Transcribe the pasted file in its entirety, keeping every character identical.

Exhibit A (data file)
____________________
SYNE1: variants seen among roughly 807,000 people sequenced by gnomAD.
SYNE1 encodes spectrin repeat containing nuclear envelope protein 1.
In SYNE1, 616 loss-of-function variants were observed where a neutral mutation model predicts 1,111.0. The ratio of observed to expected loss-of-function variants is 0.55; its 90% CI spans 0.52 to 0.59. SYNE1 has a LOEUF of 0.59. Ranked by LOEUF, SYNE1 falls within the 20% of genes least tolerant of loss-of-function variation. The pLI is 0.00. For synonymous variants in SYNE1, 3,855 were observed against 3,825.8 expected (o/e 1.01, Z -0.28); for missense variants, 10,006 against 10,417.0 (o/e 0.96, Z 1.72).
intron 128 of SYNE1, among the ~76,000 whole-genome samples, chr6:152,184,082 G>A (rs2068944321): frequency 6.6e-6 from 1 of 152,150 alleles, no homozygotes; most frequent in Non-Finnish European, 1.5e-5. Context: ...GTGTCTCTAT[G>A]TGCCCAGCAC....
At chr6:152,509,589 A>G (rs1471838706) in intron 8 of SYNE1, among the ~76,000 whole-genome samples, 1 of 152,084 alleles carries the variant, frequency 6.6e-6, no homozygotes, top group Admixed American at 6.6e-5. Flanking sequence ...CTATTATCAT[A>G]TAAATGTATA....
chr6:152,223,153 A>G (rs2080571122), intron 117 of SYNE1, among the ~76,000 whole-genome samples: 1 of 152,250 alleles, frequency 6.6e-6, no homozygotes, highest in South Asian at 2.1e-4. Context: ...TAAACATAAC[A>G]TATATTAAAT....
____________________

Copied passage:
SYNE1: variants seen among roughly 807,000 people sequenced by gnomAD.
SYNE1 encodes spectrin repeat containing nuclear envelope protein 1.
In SYNE1, 616 loss-of-function variants were observed where a neutral mutation model predicts 1,111.0. The ratio of observed to expected loss-of-function variants is 0.55; its 90% CI spans 0.52 to 0.59. SYNE1 has a LOEUF of 0.59. Ranked by LOEUF, SYNE1 falls within the 20% of genes least tolerant of loss-of-function variation. The pLI is 0.00. For synonymous variants in SYNE1, 3,855 were observed against 3,825.8 expected (o/e 1.01, Z -0.28); for missense variants, 10,006 against 10,417.0 (o/e 0.96, Z 1.72).
intron 128 of SYNE1, among the ~76,000 whole-genome samples, chr6:152,184,082 G>A (rs2068944321): frequency 6.6e-6 from 1 of 152,150 alleles, no homozygotes; most frequent in Non-Finnish European, 1.5e-5. Context: ...GTGTCTCTAT[G>A]TGCCCAGCAC....
At chr6:152,509,589 A>G (rs1471838706) in intron 8 of SYNE1, among the ~76,000 whole-genome samples, 1 of 152,084 alleles carries the variant, frequency 6.6e-6, no homozygotes, top group Admixed American at 6.6e-5. Flanking sequence ...CTATTATCAT[A>G]TAAATGTATA....
chr6:152,223,153 A>G (rs2080571122), intron 117 of SYNE1, among the ~76,000 whole-genome samples: 1 of 152,250 alleles, frequency 6.6e-6, no homozygotes, highest in South Asian at 2.1e-4. Context: ...TAAACATAAC[A>G]TATATTAAAT....